Like a local news broadcast or bit of Russian propaganda, the first season of Poker Face portrays the United States as being infested by liars and murderers. Each episode of Peacock’s mystery series depicts such horrors as fratricide and fraud in classic American locales: a Nevada casino, a Texas smokehouse, a Colorado ski lodge. The show’s heroine, Charlie Cale (played by Natasha Lyonne), wields an uncanny, possibly mystical talent for detecting bullshit, whether spewed by hotshot race-car drivers or kindly old ladies. “Everyone, they lie constantly,” she says. “It’s like birds chirping.”
And yet, as this week’s season finale culminated with shots of a highway cutting through amber-toned fields, it inspired a counterintuitive feeling: hope in the American dream. The brutality contained in Poker Face’s 10 episodes is outweighed by humor, humanism, intelligence, and, perhaps most crucially, optimism. The fact that the show is a hit speaks to a hunger for entertainment that counterbalances cruelty and kindness. In Poker Face’s America, justice depends less on vigilantism or the law than on regular people making authentic connections with one another. (I won’t significantly spoil any plot details.)
Poker Face’s message arises from its masterful construction. Each episode begins with the portrayal of a crime; Charlie then fits together puzzle pieces the viewer already comprehends. This means that to make the show entertaining, its creators—the executive producer Rian Johnson and the showrunners Nora and Lilla Zuckerman—had to focus on, well, entertainment. Zippy dialogue, memorable jokes, punchy visuals, and lovable characters supersede rote formulas for suspense. Episodes make time for formal detours (a Smell-O-Vision-like montage, a creature-feature-like sequence) and meandering diner-booth banter. On a deep, structural level, every little detail matters.
This fits with Poker Face’s divergence from a morally dubious cultural trend: true crime. Whether via a podcast about a real-life murderer or a docudrama about a Silicon Valley scammer, streaming-era storytelling has wrung endless profit from studying terrible people doing terrible things. Nothing is new about gawking at creeps, but the true-crime boom presumes to expose reality while actually distorting it into the shape of a sleek, propulsive thriller. By making criminals so central, series such as Inventing Anna and Dahmer inevitably humanize and glamorize them. Serving secondary roles, victims are flattened into tragic, hapless marks. We’re left with the stylish amplification of a sad truism: Because our society is built on trust, liars—even liars who are also killers—can get very far. These stories present as cautionary tales, but they’re really how-to kits.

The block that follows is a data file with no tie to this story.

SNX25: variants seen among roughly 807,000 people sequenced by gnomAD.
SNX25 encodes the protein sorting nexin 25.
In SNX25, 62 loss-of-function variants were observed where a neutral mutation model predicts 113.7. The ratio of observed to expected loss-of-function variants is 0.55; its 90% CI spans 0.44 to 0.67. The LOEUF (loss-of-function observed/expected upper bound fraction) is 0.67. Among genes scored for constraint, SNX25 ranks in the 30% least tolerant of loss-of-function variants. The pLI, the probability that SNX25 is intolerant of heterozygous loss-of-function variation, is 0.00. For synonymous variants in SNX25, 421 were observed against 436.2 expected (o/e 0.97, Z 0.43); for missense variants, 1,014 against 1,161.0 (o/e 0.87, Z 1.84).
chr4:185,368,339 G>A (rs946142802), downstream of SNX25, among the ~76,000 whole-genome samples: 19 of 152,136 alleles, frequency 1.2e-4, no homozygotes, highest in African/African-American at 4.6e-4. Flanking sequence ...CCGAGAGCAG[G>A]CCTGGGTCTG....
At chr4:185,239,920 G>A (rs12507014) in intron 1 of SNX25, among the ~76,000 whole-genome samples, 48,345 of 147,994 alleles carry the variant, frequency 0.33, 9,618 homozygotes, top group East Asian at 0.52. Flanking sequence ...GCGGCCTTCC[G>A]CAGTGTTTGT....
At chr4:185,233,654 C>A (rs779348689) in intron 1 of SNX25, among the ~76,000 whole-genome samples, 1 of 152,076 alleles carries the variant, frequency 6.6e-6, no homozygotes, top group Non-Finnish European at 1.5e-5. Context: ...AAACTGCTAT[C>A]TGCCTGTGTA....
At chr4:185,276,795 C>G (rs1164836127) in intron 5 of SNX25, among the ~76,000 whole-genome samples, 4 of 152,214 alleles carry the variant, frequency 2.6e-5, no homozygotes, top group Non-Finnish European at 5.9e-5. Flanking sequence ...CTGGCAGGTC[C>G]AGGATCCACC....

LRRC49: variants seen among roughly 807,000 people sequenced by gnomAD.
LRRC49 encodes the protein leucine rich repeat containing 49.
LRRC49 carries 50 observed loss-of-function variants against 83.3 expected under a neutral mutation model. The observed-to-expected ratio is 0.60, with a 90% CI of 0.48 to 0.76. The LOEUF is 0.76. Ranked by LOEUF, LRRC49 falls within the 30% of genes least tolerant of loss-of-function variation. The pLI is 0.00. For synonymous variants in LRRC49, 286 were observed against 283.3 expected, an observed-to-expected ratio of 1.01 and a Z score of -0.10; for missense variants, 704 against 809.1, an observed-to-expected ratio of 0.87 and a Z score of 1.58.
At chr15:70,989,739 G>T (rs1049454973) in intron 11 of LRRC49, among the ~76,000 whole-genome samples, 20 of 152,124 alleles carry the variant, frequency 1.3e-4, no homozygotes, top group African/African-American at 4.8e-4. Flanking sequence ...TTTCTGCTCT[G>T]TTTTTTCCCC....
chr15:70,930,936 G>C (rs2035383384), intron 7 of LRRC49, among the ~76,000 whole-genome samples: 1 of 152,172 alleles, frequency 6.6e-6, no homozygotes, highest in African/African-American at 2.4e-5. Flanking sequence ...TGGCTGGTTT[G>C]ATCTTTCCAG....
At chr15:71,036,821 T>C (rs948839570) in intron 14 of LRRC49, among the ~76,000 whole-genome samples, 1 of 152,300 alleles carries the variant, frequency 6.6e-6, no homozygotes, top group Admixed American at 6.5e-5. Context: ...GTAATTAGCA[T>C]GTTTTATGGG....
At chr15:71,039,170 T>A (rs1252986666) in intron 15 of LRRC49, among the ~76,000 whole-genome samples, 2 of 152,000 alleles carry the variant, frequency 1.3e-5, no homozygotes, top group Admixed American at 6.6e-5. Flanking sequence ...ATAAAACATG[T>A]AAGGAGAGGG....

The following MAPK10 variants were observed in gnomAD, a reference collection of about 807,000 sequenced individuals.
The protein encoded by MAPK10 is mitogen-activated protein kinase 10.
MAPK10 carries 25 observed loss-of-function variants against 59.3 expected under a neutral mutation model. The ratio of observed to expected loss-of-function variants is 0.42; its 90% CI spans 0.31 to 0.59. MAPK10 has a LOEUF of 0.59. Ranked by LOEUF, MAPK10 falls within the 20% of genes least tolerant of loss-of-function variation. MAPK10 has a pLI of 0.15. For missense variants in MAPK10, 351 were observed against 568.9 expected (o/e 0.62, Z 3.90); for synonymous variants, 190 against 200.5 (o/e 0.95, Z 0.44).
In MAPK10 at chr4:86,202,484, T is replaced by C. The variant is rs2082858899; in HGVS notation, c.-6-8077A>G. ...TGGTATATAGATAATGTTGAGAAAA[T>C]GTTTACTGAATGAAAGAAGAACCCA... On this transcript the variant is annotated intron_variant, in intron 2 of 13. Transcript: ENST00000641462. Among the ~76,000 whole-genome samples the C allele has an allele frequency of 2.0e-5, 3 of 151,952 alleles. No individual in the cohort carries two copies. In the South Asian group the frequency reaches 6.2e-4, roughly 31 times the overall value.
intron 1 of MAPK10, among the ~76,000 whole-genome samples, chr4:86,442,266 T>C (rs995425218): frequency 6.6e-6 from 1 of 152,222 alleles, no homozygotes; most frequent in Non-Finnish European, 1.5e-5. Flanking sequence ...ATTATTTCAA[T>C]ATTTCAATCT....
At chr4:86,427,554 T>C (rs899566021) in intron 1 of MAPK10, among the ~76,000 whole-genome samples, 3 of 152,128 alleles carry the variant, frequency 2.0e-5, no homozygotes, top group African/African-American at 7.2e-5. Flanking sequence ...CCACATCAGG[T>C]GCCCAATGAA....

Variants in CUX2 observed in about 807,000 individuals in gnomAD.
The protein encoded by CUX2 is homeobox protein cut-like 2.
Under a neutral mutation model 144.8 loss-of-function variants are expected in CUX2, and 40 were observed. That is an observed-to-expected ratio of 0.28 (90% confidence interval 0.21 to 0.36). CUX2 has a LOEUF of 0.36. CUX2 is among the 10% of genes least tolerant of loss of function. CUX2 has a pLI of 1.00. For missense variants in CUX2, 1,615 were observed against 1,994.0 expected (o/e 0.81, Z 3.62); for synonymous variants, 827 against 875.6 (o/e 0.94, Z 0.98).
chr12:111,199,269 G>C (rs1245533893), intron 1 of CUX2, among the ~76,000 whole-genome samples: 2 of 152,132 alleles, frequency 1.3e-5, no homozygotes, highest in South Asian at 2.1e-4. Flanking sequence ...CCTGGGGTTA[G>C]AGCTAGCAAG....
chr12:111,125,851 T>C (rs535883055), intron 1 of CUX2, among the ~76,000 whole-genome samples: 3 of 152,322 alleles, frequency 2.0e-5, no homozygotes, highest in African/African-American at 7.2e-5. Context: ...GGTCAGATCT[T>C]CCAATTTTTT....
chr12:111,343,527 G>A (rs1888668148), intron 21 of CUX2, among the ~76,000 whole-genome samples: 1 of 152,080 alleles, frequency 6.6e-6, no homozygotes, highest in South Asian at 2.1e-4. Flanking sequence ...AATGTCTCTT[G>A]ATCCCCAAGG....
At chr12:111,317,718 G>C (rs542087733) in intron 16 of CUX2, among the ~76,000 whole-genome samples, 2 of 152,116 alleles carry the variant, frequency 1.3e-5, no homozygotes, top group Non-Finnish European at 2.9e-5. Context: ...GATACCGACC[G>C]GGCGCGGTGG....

In Poker Face, the baddies are humanized as well, but to different effects. The early parts of many episodes zoom in on banal existences: the Peloton-and-delivery-food routine of a rich guy on house arrest, the restlessness of radical activists living in a retirement home. Eventually, these killers’ backstories come to the fore—but usually just to highlight the pathetic hypocrisies that underlie their wrongdoing. Seemingly noble motives for murder—love, vengeance, justice—are discussed, but they tend to be flimsy covers for greed and self-interest. In the season finale, one character makes a speech about how they’re betraying someone else because they’ve been grossly mistreated. But their ultimate incentive for pulling the trigger is to acquire a yacht.
Cutting against such cynicism is Charlie, a raspy-voiced raconteur with an ear for deception and a priestly faith in the goodness of people. She’s drawn into each mystery less by the voyeurism of a true-crime aficionado than by her genuine connections with the people affected (although at one point this season, she does enlist a murder-solving podcaster to help her out). The finale, in which she declines offers of employment from various organizations in need of a truth-sniffer, shows that she stays on the road, helping others, simply because she wants to. By revealing a bit of her backstory and family history, the finale also implies that she has made sacrifices in order to keep using her talents. Like a crusading cowboy or lonely superhero, the price of a righteous life is rootlessness.
Unlike traditional Hollywood heroes, though, Charlie never presumes she can do her work on her own. Each episode, she makes allies who are as sharply drawn as the killer and herself. Mechanics and waiters and drifters are all vested with life through spicy writing and top-tier casting (veterans including Nick Nolte and up-and-comers such as Everything Everywhere All at Once’s Stephanie Hsu make appearances). All too often, one of these buddies turns out to be the episode’s murder victim. The fact that Charlie gets to know them so well makes their death meaningful to both the show’s hero and its audience. It also gives purpose—and a narrative arc—to the side characters who assist Charlie’s crime-solving. Although evildoers exist everywhere, the magic of Poker Face is that it makes them seem outnumbered by decent people.
And magic, to be sure, is a big part of the show. Charlie’s lie-busting powers are inexplicable and unerring, and thus, we must assume, somehow supernatural. So, too, is her pattern (curse?) of stumbling into murder wherever she goes. In the finale, she even acquires a glowing, lewd talisman that guides her quest. Harkening to a time before the true-crime wave, when Columbo and Murder, She Wrote approached grim realities with far-fetched whimsy and heart, Poker Face is lovingly, enthusiastically a fantasy. We don’t quite live in the country the show depicts, but in an odd way, we should wish to.